The Tuskegee Syphilis Study remains an ignominious milestone in the intertwined histories of race and medical science in U.S. society. Initiated in 1932, this tragic 40-year long public health project resulted in almost 400 impoverished and unwitting African American men in Macon County, Ala., being left untreated for syphilis.
Although medical experimentation with human subjects has historically involved vulnerable groups, including children, the poor and the institutionalized, Washington enumerates how black Americans have disproportionately borne the burden of the most invasive, inhumane and perilous medical investigations, from the era of slavery to the present day. (This burden has become global in the last few decades.) In 1855, John “Fed” Brown, an escaped slave, recalled that the doctor to whom he was indentured produced painful blisters on his body in order to observe “how deep my black skin went.” This study had no therapeutic value. Rather, fascination with the outward appearance of African Americans, whose differences from whites were thought to be more than skin deep, was a significant impulse driving such medical trials.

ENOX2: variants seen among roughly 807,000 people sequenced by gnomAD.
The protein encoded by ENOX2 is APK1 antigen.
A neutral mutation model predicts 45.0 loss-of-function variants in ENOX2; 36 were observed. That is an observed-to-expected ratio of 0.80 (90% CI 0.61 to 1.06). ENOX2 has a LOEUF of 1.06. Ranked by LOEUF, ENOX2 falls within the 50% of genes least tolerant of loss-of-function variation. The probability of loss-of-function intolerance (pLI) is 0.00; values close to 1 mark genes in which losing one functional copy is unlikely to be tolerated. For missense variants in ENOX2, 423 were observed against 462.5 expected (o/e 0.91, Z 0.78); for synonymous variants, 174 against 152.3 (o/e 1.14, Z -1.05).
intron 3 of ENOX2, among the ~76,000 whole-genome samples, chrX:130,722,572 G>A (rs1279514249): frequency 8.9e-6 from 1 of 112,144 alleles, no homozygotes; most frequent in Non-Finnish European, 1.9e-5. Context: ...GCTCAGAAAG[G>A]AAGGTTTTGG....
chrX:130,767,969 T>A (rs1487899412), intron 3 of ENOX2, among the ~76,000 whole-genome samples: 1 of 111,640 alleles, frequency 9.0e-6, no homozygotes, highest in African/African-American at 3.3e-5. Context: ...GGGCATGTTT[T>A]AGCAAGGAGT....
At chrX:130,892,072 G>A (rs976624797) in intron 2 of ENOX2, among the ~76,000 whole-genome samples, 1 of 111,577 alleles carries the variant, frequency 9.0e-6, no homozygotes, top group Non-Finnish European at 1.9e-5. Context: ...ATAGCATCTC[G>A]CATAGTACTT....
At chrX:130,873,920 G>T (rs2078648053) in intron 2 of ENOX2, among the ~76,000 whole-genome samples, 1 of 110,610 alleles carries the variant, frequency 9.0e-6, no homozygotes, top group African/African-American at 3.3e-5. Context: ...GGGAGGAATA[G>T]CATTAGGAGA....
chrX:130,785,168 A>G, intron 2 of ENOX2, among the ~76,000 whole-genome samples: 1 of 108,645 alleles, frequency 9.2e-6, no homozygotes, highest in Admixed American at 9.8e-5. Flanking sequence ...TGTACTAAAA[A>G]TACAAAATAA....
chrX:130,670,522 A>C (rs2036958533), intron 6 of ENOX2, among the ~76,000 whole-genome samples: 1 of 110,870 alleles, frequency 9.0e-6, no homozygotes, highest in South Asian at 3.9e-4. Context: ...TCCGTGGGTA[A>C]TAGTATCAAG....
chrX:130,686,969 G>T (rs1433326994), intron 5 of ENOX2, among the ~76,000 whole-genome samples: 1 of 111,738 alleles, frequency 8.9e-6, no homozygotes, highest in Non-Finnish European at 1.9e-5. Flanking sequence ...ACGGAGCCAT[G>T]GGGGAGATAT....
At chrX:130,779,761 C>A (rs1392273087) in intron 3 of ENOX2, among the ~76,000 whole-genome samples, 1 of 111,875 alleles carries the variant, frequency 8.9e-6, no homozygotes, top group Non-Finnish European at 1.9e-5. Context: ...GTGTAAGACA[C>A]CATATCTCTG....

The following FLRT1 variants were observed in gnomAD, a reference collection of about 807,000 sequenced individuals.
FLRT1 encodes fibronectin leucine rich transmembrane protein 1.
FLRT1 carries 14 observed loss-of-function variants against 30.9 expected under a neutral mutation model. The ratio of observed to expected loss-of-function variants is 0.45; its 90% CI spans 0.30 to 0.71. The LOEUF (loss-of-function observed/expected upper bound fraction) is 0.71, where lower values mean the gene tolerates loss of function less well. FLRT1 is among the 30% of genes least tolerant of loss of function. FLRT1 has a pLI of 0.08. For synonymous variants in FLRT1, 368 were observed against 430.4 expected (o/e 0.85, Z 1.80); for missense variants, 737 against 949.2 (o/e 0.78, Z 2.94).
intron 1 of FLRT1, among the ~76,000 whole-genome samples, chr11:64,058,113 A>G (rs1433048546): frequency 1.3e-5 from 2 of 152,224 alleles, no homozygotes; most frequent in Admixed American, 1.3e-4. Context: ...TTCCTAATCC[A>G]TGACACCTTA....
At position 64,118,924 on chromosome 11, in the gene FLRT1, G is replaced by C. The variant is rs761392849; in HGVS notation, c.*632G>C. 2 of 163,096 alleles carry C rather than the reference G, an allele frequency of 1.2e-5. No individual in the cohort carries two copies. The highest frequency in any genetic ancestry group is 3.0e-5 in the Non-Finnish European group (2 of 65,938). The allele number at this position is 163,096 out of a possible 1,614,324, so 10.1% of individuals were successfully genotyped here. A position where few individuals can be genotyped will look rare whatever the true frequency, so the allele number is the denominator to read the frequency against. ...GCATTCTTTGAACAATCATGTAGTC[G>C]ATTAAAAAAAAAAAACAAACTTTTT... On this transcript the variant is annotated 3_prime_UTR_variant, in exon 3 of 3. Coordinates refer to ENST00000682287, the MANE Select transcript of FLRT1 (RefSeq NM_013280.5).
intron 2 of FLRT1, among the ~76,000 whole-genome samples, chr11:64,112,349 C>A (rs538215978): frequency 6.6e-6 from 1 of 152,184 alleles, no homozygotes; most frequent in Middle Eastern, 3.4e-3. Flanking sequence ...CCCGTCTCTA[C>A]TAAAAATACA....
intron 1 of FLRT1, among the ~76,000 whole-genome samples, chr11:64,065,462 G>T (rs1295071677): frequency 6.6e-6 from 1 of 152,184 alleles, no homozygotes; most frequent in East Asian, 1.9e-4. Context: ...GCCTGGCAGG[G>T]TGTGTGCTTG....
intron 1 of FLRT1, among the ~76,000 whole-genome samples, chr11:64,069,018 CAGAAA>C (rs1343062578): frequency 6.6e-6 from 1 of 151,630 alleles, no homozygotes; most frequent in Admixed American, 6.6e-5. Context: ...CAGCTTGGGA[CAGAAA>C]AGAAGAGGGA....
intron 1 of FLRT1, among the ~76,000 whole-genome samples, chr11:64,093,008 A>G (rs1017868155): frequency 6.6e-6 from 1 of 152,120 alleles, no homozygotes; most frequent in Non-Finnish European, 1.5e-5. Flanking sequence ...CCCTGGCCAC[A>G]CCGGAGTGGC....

The infringement of black Americans’ rights to their own bodies in the name of medical science continued throughout the 20th century. In 1945, Ebb Cade, an African American trucker being treated for injuries received in an accident in Tennessee, was surreptitiously placed without his consent into a radiation experiment sponsored by the U.S. Atomic Energy Commission. Black Floridians were deliberately exposed to swarms of mosquitoes carrying yellow fever and other diseases in experiments conducted by the Army and the CIA in the early 1950s. Throughout the 1950s and ’60s, black inmates at Philadelphia’s Holmesburg Prison were used as research subjects by a University of Pennsylvania dermatologist testing pharmaceuticals and personal hygiene products; some of these subjects report pain and disfiguration even now. During the 1960s and ’70s, black boys were subjected to sometimes paralyzing neurosurgery by a University of Mississippi researcher who believed brain pathology to be the root of the children’s supposed hyperactive behavior. In the 1990s, African American youths in New York were injected with Fenfluramine — half of the deadly, discontinued weight loss drug Fen-Phen — by Columbia researchers investigating a hypothesis about the genetic origins of violence.